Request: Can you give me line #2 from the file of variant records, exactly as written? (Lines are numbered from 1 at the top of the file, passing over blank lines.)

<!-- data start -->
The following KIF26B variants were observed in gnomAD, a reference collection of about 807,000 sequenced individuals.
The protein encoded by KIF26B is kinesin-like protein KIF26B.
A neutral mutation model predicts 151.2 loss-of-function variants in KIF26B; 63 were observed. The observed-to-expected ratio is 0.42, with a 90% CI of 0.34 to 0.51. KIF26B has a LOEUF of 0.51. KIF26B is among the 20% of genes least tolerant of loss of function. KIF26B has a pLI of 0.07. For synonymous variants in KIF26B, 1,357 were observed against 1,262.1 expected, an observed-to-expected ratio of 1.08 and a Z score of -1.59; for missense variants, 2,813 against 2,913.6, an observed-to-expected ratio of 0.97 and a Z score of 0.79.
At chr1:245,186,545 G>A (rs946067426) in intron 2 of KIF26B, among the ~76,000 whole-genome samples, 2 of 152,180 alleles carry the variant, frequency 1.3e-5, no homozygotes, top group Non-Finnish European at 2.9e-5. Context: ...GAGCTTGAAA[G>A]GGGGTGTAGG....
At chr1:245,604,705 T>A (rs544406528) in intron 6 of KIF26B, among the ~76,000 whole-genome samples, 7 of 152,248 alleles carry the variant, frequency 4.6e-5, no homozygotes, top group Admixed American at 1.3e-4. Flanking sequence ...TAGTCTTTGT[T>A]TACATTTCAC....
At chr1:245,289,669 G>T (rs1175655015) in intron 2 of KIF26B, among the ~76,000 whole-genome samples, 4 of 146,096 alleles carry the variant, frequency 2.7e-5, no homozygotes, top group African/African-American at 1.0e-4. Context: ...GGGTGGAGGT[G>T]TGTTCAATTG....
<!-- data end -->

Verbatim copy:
The protein encoded by KIF26B is kinesin-like protein KIF26B.